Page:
As an indie developer, I am currently experiencing the growing pains of getting the word out on my 1st app. It's been an interesting couple of months and although I worked on a marketing plan, I find myself going of course at times.
I am not complaining, I'm just stating that there are various ways to go about marketing a new app. At times it takes some trial and error with certain strategies.
I do have limited funds for a marketing budget, but it's the excitement that keeps me going.
I would like to start a discussion with fellow indie developers so that we can share tips, ideas, feedback and problems that we face. That way we can stick together and work as a team. After all, we're competing against giants that have first dibs on the Apple app store, review websites and even forums.
I have very little experience with getting a game out in front of customers.
I imagine that what would work best is a polished game with a well thought out marketing strategy on a platform which has exposure to a large audience. Let the polish and quality of a game sell itself.
One lesson I learned in university is this (similar to occams razor): When you compare a 'technically challenging' game against a 'simple but highly polished' game, the simple but polished game will always win.
The end user doesn't give a shit about what's happening behind the scenes or what novel technique you used. Does the game work? Is it fun? does it look nice? If yes, you win. I always have to remind myself of this lesson because I tend to get mired down in technical problems which should NEVER matter and shouldn't even be worked on. I remember a project I started with the best of intentions to create a 'simple' 2D side scroller game, where you fly an airplane around, shooting bullets and dropping bombs at airplanes and ground targets, respectively. I got my airplane to fly, and it looked great. Then I gave the ability to control your speed. Now, players could slow down their plane until it stopped. Obviously, planes don't stop in midair and keep flying, so I had to create some "stall". So, when a plane slows down too much, their nose starts dipping towards the ground. Yet, it still didn't feel 'realistic' enough because you have to slow down to land on a runway and it would be a pain in the ass to land properly if your nose dips down when you're trying to land. So, I had to investigate how 'stalling' works in real life. Hours later, I'm reading about how the shape of a wing and the 'angle of attack' and air speed are all related to stalling, and that the actual 'stall factor' is empirically measured in wind tunnels. Don't forget about wind shear at the wing tips! Then I thought to myself, "Shit, this is adding in a LOT of unnecessary complexity and turning into a major rat hole to get lost in. Will the end user really care if I'm calculating stall based on wind speed and angle of attack? Of course not..." I wasted a good day or two before I scrapped the idea. Due to inexperience, my 'idea filter' isn't finely tuned and I find myself working on technically challenging problems which should have been trashed.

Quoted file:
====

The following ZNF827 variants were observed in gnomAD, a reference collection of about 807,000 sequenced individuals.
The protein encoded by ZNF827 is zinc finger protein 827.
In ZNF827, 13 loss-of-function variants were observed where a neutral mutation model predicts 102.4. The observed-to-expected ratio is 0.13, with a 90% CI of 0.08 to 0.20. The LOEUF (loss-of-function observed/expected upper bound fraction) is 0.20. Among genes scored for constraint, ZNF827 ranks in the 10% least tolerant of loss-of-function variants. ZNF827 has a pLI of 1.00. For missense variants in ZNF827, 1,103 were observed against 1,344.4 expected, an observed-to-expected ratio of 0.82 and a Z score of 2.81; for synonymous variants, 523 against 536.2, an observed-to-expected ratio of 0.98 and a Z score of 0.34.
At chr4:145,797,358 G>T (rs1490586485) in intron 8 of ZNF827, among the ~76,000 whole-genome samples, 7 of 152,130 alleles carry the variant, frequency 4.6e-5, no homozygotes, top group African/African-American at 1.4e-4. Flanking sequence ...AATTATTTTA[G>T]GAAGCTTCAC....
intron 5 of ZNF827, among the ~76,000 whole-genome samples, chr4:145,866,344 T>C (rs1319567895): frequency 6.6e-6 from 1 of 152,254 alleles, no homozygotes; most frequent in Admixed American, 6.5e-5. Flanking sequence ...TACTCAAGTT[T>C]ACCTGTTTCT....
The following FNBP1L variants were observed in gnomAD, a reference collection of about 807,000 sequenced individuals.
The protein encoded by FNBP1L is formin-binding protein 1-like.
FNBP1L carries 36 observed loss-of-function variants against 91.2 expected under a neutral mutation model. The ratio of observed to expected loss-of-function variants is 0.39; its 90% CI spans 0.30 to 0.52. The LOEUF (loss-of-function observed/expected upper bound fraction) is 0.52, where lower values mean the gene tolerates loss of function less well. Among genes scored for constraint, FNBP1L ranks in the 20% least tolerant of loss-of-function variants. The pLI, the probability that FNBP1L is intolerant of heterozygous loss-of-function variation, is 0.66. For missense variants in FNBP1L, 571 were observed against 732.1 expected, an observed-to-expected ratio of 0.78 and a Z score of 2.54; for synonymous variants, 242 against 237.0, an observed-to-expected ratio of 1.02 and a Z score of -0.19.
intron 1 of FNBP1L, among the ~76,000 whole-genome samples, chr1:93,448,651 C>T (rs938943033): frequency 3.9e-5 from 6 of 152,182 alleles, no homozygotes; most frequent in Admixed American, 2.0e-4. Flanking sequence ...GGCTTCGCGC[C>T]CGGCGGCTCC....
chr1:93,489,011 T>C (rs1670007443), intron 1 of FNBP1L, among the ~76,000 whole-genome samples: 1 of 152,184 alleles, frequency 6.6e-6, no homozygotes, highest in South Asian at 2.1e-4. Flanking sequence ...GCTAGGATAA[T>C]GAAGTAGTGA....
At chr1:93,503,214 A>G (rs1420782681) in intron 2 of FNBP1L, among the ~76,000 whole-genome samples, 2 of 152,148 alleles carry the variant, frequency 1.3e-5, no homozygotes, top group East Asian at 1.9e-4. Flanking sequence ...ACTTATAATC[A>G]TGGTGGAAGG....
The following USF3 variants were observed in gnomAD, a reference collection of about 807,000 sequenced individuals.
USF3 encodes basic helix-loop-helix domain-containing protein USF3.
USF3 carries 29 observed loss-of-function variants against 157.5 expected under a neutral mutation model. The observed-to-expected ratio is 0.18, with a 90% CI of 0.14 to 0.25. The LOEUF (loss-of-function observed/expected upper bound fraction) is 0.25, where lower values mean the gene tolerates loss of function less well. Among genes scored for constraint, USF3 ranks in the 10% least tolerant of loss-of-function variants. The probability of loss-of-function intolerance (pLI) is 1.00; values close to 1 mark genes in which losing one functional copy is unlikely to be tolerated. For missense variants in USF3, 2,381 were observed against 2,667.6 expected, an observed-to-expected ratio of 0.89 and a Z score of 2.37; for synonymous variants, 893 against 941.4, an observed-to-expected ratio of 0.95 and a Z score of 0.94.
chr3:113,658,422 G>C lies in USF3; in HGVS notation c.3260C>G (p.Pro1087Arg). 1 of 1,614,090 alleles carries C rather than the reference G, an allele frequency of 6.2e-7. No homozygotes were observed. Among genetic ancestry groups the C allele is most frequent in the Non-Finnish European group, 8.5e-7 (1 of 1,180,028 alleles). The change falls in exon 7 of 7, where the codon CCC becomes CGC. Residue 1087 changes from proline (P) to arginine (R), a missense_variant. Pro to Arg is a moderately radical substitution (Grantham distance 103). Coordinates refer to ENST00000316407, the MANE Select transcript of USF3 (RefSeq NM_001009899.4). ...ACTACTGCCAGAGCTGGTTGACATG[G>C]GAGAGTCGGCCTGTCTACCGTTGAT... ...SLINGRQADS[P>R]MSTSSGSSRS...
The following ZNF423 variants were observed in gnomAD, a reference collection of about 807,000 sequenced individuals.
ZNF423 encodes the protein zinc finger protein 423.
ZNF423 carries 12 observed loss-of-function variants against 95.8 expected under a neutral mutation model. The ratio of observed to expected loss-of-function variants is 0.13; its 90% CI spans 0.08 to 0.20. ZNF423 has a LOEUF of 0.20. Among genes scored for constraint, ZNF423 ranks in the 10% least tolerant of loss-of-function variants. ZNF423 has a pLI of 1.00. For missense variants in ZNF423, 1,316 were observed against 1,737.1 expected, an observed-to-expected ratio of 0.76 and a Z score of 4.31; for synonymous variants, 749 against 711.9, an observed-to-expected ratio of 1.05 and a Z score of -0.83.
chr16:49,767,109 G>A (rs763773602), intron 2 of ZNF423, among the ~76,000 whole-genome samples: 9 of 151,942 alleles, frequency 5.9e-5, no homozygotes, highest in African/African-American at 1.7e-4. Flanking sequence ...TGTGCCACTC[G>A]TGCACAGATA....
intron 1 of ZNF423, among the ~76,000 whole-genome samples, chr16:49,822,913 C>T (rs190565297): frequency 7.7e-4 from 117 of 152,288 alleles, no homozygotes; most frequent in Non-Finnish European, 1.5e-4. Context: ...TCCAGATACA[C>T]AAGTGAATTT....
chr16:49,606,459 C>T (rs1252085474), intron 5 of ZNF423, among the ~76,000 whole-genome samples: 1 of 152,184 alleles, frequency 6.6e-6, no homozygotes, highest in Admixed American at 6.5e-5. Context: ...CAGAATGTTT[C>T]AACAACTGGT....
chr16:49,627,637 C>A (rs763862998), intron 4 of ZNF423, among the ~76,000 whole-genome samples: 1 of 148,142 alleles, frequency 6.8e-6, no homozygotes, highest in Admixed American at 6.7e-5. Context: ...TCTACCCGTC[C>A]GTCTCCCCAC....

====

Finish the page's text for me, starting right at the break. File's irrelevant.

"It's not a masterpiece when there is nothing left to add, but when there is nothing left to take away."
Polish, simplify, polish, simplify, and then iterate.
Hopefully, you'll end with a highly polished and easily playable game which will sell itself. I mean, shit... Angry Birds doesn't sell a million units because they cracked the code on the latest tech on multiple platforms, they sell because the game is polished and accessible to a wide audience.
(I say that here, and I know it to be true, but I guarantee that in my next project, I'll probably forget it and start another manhattan project)
I did this by releasing beta on my site, updating it through the development, getting some positive reviews, then closer to the release, contacting Valve, and releasing on Steam.
With regards to technically challenged vs polished, programmers tend to see 'polished' as some quality on top of having a game, as if a game was already a completed game if it was not polished. That's wrong. The polished means 'it actually works as a game'. Everything that is in the game must work.
Also, there's a zillion of highly polished simple games, that never make good sales. You haven't heard of those games, but you heard of bejewelled, angry birds, and such. edit: to clarify. You can not substitute anything for 'polished' or substitute 'polished' for anything else. Polished is something that your game absolutely must be.